Good Morning
Good Morning

Maybe Jones, Giants can learn something from how Bills handled Allen

Josh Allen brought the Bills back from a

Josh Allen brought the Bills back from a 16-0 deficit to beat the Jets in Week 1. He appeared in 12 games last season, 11 of them starts. Credit: Jim McIsaac

It’s hard to say what Josh Allen will become in the NFL.

Maybe he’ll be the savior in Buffalo, the quarterback who finally leads the Bills to a title and plays a long and fulfilling career there.

Maybe he’ll be a bust.

Maybe, as Pat Shurmur’s assessment seemed to indicate, he’ll wind up in the large pack of middling players who ascend to starting roles at a position scarce on talent but never take the next step to star, to franchise quarterback, to champion.

Whatever happens to him in the coming years, though, will have its roots in the experience he gained as a rookie last season when he started 11 games for the Bills.

“I was really kind of baptized by fire,” Allen said this past week as he prepared for start two in season two, this one against the Giants. “There were a lot of situations that I was kind of thrown into that I wasn’t, maybe, fully prepared for. But I learned from them.”

Maybe the Giants can learn something from it, too.

The Giants and the Bills are very different organizations with very different histories, both recent and beyond, but they have similar goals for their immediate futures. As the Giants groom Daniel Jones to be their starting quarterback at some point in the coming weeks, months or years, perhaps there is something to be gained in perspective from how the Bills have handled Allen.

The Giants clearly have little remorse about selecting Saquon Barkley early in the 2018 draft and passing on the grouping of first-round quarterbacks that included Allen, Sam Darnold of the Jets, and Josh Rosen, who went to the Cardinals and now is with the Dolphins. That doesn’t mean they shouldn’t pay attention to how the players they did not take are progressing, and use it to help Jones.

Like the Giants, the Bills did not start their rookie right away. But they did make sure he had plenty of exposure to the NFL before his first season came to a close.

“I’ve been around it a couple times,” Bills coach Sean McDermott said of breaking in a young quarterback. “In Philadelphia we drafted Donovan McNabb, and again in Carolina when we drafted Cam Newton. You have to continually chase the vision while trying to be as good as you can. With respect to fundamentals and everything, the young quarterback will develop over the course of time, and within that, there will be some growing pains. That’s where he has to continue to grow and learn and the rest of the team has to step their game up.”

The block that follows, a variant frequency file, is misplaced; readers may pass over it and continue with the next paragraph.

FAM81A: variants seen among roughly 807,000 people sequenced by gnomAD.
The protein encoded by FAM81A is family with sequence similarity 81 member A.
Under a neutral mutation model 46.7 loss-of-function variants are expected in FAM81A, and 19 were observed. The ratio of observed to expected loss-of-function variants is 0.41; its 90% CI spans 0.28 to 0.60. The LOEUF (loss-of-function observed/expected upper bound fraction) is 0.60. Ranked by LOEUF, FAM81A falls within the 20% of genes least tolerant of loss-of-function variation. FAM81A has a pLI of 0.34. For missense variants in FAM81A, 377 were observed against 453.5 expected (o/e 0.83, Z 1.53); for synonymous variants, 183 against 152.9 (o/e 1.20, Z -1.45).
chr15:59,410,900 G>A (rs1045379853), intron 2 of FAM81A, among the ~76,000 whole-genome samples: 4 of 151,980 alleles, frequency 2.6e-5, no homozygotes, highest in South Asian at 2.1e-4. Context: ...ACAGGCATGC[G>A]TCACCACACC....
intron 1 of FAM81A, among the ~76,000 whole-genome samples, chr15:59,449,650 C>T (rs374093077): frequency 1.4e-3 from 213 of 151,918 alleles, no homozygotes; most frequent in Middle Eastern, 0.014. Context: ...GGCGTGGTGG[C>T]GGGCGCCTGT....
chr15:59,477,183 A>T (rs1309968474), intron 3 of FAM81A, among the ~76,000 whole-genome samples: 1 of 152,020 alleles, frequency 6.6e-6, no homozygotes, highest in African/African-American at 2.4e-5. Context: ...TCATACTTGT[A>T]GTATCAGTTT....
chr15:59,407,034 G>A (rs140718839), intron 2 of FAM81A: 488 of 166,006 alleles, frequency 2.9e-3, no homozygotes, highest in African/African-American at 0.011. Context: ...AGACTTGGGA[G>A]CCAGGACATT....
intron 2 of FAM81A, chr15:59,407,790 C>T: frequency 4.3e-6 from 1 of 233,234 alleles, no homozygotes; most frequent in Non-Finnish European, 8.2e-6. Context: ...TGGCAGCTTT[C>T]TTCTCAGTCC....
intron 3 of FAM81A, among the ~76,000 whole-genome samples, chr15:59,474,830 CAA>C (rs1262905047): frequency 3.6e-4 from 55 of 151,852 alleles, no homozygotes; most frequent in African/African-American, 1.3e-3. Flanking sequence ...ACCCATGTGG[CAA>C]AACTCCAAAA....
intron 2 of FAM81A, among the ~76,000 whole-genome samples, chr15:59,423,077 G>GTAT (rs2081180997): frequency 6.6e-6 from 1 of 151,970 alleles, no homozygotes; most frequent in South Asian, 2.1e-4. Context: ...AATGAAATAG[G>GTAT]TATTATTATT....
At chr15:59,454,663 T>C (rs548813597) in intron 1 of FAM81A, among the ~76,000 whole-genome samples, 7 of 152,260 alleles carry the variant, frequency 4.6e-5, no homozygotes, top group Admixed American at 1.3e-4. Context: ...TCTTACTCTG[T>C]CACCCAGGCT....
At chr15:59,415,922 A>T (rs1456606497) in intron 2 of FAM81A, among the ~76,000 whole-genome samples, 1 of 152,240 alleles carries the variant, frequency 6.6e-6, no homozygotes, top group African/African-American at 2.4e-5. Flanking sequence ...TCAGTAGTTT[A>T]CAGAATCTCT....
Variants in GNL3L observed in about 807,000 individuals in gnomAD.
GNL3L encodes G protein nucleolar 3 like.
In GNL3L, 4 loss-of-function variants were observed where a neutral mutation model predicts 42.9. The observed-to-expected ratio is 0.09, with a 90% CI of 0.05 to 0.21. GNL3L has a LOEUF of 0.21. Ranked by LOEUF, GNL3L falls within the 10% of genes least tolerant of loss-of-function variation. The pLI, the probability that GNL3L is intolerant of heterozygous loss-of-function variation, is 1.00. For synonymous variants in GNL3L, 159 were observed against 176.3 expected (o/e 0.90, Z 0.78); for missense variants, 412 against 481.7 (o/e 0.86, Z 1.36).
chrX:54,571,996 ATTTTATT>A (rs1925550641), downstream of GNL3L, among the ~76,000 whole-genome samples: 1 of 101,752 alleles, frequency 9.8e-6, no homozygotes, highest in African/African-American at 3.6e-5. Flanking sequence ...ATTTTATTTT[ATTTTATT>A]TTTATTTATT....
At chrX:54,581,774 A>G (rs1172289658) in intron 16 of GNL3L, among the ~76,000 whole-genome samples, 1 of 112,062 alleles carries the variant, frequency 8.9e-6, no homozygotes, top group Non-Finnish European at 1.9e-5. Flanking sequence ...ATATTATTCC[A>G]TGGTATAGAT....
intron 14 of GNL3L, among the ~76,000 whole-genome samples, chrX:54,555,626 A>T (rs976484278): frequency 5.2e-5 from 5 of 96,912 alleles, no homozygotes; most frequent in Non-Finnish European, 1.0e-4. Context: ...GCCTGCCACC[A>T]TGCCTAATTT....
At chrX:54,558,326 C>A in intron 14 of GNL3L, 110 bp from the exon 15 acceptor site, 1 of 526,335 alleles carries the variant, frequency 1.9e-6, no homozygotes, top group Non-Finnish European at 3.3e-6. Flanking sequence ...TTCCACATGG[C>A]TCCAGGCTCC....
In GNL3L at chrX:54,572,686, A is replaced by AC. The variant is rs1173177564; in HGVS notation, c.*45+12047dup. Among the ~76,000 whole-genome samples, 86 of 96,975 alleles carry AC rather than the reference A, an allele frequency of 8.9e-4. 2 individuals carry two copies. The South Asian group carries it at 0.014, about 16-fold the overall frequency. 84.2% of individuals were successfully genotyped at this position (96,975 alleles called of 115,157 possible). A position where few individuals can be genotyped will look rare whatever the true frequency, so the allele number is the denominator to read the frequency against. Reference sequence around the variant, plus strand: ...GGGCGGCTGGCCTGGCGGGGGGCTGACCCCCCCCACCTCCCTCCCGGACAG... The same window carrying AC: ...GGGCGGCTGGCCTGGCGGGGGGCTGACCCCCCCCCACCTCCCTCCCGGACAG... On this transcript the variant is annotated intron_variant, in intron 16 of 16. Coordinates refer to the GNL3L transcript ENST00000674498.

Jones made his NFL debut in the opener, playing five snaps in mop-up duty at the end of a lopsided loss. What did he gain from that?

“Like any other rookie playing at that time, getting his first snaps in regular season, getting a little exposure, doing it on the road, all of that kind of stuff,” Giants offensive coordinator and quarterbacks coach Mike Shula said.

But the football equivalent of having an infielder pitch the last few outs of a blowout won’t give Jones much of a base no matter how many times he gets to do it. The real learning, the real progress, the real experience comes from playing significant snaps and significant downs.

Allen definitely feels that way.

“You can dive super-deep into your playbook, you can know everything, but until you really have 11 guys flying around you, until you feel that and can feel the pace of the game kind of evolve, I don’t think you can have much success,” he said. “Once you get in, you get in the habit of situations, you get to mess up and your coach is OK with you going out there and making a mistake here or there and he’s not going to ride you for it and hope that you learn from it.

“Obviously, I wasn’t perfect last year, and still not perfect now, and I never will be perfect, but as long as I keep learning from situations and mistakes and allow our team to be put in good positions to win football games, that’s really all that matters.”

The Giants have talked about “The Kansas City Model” since before the draft, a nod to the Chiefs’ transition at quarterback. Patrick Mahomes barely played as a rookie and was the league’s MVP in his second season.

Sometimes that happens and a player can step on the field a fully developed playmaker. More often, though, there are lumps that have to be absorbed by any young quarterback.

As the Giants watch Allen and his draft class grow up, they’ll get to see if absorbing such sloppy rookie play pays off. It might even push them to get Jones on the field more than they expected in 2019.

Allen has yet to flourish, although he did lead the Bills to a comeback win over the Jets at MetLife Stadium last week. He’s 6-6 as a starter, has a career passer rating of 68.2 and has thrown more interceptions (14) than touchdown passes (11). But it’s provided a foundation to build on.

“I think any time on the field is very valuable,” he said. “That’s one thing I can take from last year. It wasn’t all pretty .  .  . I did feel like I was in a better place, though, mentally, routine-wise, and just learning how to be a professional football player.”

Allen and Jones know each other. They share an agent and spent time together at the Super Bowl in Atlanta earlier this year. Allen said he thinks Jones has a bright future.

“Just a super down-to-Earth kid,” he said of Jones.

Then he stopped to chuckle and correct himself.

“I say ‘kid,’ and we’re one year apart,” he noted.

In terms of hands-on NFL experience, Jones is an infant compared to Allen.

What both will grow up to become remains to be seen. Their earliest stages of development, though, could play a large role in that destiny.

New York Sports